Today on the Doc On The Run podcast, we’re talking about the 5 overtraining indicators that precede running injury.
Most of the time when I see runners and they get an overtraining injury, whether it’s a metatarsal stress fracture, or Achilles tendonitis, or some sort of overuse injury that happens from supposedly running too much, a lot of runners are actually surprised that it happened.
But then when I sit down and talk to them, and we talk about how they were feeling in the weeks or maybe even months before they got the overtraining injury, it’s really not surprising to me that they got injured.
Had they just recognize some of those sort of signals or indicators that you were in a state of overtraining, and knew you were at risk of higher probability of getting a running injury, you could have backed off a little bit, rested a little more, or done something a little differently to make sure you didn’t actually get that injury.
1. Soreness lingers for more than a day
I wanted to talk today about the five things that I see the most often that seem to be these indicators that actually do precede any overtraining injury among runners. Now, the very first one is soreness that lingers for more than a day.
It’s just not really complicated. When you go out and train, if you run hard, you’re going to be sore, you’re going to have muscle soreness, you’re going to have achiness all over the place and that’s normal, but that stuff usually dissipates within a day or so.
What is more notable is that if you have soreness that not only lingers, but it becomes more focal, meaning it really seems to be in one place more than it was the day before, then that’s really an indicator that you’re heading for an overtraining injury. If you have calf soreness, for example, that you noticed two days after your speed session, and every thing else that was sore is kind of feeling better but you have a little bit of soreness left in this one spot, that’s a key indicator that you’re really at risk of a muscle strain or some sort of overtraining injury in that particular spot. You have to really watch for that.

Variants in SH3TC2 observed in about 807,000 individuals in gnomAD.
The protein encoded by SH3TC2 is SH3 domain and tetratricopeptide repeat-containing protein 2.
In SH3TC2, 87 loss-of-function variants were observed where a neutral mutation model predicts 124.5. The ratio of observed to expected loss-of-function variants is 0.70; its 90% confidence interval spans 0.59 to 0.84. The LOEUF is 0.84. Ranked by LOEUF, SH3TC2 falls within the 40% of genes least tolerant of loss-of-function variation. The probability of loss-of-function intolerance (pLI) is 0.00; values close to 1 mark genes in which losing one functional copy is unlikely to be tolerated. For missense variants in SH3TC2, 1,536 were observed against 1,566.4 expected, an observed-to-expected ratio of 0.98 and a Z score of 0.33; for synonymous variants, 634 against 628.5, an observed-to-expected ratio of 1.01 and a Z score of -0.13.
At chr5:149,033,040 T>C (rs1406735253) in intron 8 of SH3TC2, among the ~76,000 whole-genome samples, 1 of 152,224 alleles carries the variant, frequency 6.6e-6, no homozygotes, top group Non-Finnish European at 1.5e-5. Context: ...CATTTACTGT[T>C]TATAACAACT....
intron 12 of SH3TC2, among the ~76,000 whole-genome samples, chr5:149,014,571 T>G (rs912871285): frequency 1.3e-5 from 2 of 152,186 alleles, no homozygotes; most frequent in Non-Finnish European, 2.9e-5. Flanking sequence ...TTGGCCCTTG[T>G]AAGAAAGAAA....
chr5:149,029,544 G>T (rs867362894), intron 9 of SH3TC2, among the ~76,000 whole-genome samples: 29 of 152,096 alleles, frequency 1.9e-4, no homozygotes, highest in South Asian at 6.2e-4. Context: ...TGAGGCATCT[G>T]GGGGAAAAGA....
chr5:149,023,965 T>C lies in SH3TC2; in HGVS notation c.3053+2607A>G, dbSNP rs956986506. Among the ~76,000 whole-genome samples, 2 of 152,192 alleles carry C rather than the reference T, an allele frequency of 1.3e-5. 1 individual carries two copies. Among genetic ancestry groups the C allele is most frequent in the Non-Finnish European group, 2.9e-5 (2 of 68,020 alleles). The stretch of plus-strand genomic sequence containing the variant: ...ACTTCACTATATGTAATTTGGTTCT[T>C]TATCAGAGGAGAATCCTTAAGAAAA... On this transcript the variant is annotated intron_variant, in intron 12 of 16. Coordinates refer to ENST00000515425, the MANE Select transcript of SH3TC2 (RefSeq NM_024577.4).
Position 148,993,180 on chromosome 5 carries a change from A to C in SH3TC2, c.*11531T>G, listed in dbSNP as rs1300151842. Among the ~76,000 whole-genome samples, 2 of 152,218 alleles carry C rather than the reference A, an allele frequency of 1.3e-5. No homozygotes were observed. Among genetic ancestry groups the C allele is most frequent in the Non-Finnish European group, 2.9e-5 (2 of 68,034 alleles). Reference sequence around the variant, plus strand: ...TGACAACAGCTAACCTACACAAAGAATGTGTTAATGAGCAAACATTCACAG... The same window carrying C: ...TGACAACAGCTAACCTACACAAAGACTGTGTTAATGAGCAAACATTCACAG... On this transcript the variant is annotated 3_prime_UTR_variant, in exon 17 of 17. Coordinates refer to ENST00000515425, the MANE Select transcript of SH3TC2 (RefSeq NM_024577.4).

Any kind of soreness that just doesn’t really dissipate as fast as the usual, delayed onset muscle soreness that you get after typical workouts, that’s a signal to you that something’s wrong and you should either back off and rest a little bit more, skip a workout, try to sleep a little bit more that night or talk to your coach, but you’ve got to do something to make sure that you don’t turn that into an overtraining injury.
2. Feeling exhausted
The second thing is just feeling exhausted. When people enter a state of chronic overtraining, you will definitely feel depleted all day, every day, and that can evolve into this state where your immune system actually gets depressed, and then you’re not repairing tissue as effectively nor as efficiently. You continue to ramp up your workouts in duration and intensity, and that’s when all of these things kind of coincide to put you at the highest risk of an overtraining injury like a metatarsal stress fracture, or a plantar plate sprain, or a plantar fasciitis, or Achilles tendonitis or any of the other common overtraining injuries. You have to recognize that.